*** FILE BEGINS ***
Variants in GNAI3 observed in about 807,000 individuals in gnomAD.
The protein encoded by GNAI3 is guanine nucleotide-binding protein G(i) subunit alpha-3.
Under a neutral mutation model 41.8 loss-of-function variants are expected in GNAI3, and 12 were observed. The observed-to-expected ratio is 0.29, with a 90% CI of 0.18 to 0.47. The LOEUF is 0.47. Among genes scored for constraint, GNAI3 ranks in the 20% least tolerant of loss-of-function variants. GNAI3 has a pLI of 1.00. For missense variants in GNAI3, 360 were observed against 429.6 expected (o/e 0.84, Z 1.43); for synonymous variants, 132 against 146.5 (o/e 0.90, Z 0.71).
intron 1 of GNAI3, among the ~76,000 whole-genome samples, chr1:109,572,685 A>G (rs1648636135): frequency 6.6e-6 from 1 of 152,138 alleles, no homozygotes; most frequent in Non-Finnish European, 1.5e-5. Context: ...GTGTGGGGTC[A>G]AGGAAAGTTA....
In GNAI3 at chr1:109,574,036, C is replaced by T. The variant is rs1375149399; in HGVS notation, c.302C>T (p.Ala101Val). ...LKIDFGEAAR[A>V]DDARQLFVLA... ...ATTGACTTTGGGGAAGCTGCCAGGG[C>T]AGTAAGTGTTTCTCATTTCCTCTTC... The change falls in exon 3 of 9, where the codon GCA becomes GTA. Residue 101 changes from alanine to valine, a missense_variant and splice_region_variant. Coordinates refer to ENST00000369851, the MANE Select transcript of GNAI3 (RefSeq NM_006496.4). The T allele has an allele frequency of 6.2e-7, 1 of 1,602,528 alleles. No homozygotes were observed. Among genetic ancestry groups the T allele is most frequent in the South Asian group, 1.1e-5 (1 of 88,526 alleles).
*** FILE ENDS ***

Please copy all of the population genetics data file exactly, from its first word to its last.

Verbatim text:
Variants in GNAI3 observed in about 807,000 individuals in gnomAD.
The protein encoded by GNAI3 is guanine nucleotide-binding protein G(i) subunit alpha-3.
Under a neutral mutation model 41.8 loss-of-function variants are expected in GNAI3, and 12 were observed. The observed-to-expected ratio is 0.29, with a 90% CI of 0.18 to 0.47. The LOEUF is 0.47. Among genes scored for constraint, GNAI3 ranks in the 20% least tolerant of loss-of-function variants. GNAI3 has a pLI of 1.00. For missense variants in GNAI3, 360 were observed against 429.6 expected (o/e 0.84, Z 1.43); for synonymous variants, 132 against 146.5 (o/e 0.90, Z 0.71).
intron 1 of GNAI3, among the ~76,000 whole-genome samples, chr1:109,572,685 A>G (rs1648636135): frequency 6.6e-6 from 1 of 152,138 alleles, no homozygotes; most frequent in Non-Finnish European, 1.5e-5. Context: ...GTGTGGGGTC[A>G]AGGAAAGTTA....
In GNAI3 at chr1:109,574,036, C is replaced by T. The variant is rs1375149399; in HGVS notation, c.302C>T (p.Ala101Val). ...LKIDFGEAAR[A>V]DDARQLFVLA... ...ATTGACTTTGGGGAAGCTGCCAGGG[C>T]AGTAAGTGTTTCTCATTTCCTCTTC... The change falls in exon 3 of 9, where the codon GCA becomes GTA. Residue 101 changes from alanine to valine, a missense_variant and splice_region_variant. Coordinates refer to ENST00000369851, the MANE Select transcript of GNAI3 (RefSeq NM_006496.4). The T allele has an allele frequency of 6.2e-7, 1 of 1,602,528 alleles. No homozygotes were observed. Among genetic ancestry groups the T allele is most frequent in the South Asian group, 1.1e-5 (1 of 88,526 alleles).